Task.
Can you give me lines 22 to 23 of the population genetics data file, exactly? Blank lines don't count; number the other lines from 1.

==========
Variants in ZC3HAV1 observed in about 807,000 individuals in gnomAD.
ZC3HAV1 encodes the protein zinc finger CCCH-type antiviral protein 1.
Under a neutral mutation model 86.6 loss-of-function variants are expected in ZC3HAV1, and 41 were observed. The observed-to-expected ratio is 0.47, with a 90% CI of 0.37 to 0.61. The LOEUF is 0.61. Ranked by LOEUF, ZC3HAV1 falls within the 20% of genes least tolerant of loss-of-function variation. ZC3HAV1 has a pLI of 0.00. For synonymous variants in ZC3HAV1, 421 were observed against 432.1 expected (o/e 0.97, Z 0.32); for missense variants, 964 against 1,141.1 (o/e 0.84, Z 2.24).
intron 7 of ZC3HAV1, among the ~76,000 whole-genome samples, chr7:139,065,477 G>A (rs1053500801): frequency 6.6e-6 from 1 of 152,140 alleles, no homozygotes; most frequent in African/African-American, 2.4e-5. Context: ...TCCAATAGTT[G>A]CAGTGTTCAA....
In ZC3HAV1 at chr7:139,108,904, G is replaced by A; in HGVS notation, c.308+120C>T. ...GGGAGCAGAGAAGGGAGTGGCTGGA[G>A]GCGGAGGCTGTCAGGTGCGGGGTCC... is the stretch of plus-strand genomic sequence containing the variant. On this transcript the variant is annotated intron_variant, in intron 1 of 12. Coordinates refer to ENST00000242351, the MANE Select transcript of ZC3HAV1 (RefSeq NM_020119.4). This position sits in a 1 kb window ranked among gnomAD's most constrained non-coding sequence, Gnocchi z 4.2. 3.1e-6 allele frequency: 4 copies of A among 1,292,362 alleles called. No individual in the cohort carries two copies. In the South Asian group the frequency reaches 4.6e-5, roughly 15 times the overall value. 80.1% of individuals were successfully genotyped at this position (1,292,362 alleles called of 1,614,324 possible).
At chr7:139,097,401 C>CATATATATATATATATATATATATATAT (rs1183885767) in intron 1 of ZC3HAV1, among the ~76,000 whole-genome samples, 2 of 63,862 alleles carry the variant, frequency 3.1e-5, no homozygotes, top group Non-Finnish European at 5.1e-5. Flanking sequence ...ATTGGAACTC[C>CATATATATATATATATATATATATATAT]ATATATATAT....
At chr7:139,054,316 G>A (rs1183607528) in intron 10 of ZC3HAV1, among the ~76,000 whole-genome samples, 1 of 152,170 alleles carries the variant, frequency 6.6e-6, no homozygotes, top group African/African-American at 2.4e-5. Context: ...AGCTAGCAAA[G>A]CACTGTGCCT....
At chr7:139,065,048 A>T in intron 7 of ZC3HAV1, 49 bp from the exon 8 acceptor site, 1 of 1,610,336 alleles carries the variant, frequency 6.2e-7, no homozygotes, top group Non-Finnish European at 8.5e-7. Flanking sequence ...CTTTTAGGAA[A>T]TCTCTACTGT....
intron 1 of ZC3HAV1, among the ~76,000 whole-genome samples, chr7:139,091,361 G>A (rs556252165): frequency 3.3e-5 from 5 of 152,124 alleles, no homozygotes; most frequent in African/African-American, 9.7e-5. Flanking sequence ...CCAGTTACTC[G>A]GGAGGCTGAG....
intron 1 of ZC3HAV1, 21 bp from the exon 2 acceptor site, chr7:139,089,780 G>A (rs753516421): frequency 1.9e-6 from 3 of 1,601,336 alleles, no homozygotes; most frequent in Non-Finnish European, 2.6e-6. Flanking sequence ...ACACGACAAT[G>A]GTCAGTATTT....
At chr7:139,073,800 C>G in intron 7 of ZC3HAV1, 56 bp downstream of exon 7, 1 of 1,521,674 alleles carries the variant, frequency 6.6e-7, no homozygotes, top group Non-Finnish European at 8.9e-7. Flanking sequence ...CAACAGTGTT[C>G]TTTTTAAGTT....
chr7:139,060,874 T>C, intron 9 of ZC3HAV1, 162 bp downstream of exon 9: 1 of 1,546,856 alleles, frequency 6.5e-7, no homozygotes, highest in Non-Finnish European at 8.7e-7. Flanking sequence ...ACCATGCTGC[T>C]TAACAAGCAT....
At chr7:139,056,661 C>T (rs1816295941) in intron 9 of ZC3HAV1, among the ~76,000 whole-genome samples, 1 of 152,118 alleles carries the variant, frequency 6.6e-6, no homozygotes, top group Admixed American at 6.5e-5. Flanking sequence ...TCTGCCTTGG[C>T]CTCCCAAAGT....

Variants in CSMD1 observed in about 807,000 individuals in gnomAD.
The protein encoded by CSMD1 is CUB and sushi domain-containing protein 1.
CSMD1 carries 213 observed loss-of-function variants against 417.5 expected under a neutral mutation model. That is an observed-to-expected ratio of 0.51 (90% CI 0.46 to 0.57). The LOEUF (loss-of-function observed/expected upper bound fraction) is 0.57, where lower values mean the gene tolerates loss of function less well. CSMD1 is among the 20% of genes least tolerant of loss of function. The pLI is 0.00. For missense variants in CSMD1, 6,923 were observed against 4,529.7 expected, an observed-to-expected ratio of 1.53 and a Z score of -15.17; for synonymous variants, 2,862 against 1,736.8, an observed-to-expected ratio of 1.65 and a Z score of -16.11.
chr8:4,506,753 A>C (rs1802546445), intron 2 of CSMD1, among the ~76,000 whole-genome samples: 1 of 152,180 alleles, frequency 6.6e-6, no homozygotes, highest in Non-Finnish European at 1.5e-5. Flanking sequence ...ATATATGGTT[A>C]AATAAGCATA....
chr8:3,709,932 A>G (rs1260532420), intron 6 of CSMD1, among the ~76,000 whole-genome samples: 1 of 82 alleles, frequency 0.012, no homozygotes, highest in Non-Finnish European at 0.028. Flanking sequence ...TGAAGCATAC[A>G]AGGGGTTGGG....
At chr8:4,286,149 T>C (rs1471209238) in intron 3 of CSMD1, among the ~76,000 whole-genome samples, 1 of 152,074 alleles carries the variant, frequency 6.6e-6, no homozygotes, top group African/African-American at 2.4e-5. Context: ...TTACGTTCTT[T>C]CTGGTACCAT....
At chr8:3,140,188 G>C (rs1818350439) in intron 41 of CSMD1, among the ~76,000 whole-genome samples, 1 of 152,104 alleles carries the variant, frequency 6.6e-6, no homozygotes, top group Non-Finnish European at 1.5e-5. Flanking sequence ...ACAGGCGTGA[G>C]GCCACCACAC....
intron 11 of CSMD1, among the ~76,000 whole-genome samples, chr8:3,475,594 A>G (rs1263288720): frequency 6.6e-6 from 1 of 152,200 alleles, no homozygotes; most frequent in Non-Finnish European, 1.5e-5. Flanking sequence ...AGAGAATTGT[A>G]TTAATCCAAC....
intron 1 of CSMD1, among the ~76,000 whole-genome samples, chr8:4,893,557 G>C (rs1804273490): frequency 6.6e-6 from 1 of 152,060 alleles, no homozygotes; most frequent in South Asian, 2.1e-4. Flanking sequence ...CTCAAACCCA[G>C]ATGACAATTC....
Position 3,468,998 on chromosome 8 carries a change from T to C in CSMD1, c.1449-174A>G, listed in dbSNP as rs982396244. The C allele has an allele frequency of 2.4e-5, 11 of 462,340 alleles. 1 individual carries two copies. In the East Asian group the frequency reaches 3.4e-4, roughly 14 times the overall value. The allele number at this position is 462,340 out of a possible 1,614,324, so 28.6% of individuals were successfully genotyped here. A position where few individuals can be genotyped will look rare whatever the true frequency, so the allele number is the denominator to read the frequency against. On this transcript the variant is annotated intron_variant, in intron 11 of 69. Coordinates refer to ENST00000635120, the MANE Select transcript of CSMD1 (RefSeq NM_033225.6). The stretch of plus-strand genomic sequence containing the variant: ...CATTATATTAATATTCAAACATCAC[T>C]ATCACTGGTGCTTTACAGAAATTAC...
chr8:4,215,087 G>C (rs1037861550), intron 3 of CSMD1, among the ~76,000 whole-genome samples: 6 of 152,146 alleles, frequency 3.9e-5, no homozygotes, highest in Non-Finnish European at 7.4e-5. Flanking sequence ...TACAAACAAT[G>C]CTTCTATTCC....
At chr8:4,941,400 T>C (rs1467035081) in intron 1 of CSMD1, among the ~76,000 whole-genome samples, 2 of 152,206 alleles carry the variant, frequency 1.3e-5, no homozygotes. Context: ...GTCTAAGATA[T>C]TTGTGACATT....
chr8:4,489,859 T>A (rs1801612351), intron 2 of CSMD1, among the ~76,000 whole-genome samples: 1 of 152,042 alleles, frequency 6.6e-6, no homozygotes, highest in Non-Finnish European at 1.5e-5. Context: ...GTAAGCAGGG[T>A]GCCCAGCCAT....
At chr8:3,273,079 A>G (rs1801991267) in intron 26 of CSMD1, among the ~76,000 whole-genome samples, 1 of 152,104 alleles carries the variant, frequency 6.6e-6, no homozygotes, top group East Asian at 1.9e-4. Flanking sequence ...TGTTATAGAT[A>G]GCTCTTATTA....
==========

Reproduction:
intron 1 of CSMD1, among the ~76,000 whole-genome samples, chr8:4,893,557 G>C (rs1804273490): frequency 6.6e-6 from 1 of 152,060 alleles, no homozygotes; most frequent in South Asian, 2.1e-4. Flanking sequence ...CTCAAACCCA[G>C]ATGACAATTC....
Position 3,468,998 on chromosome 8 carries a change from T to C in CSMD1, c.1449-174A>G, listed in dbSNP as rs982396244. The C allele has an allele frequency of 2.4e-5, 11 of 462,340 alleles. 1 individual carries two copies. In the East Asian group the frequency reaches 3.4e-4, roughly 14 times the overall value. The allele number at this position is 462,340 out of a possible 1,614,324, so 28.6% of individuals were successfully genotyped here. A position where few individuals can be genotyped will look rare whatever the true frequency, so the allele number is the denominator to read the frequency against. On this transcript the variant is annotated intron_variant, in intron 11 of 69. Coordinates refer to ENST00000635120, the MANE Select transcript of CSMD1 (RefSeq NM_033225.6). The stretch of plus-strand genomic sequence containing the variant: ...CATTATATTAATATTCAAACATCAC[T>C]ATCACTGGTGCTTTACAGAAATTAC...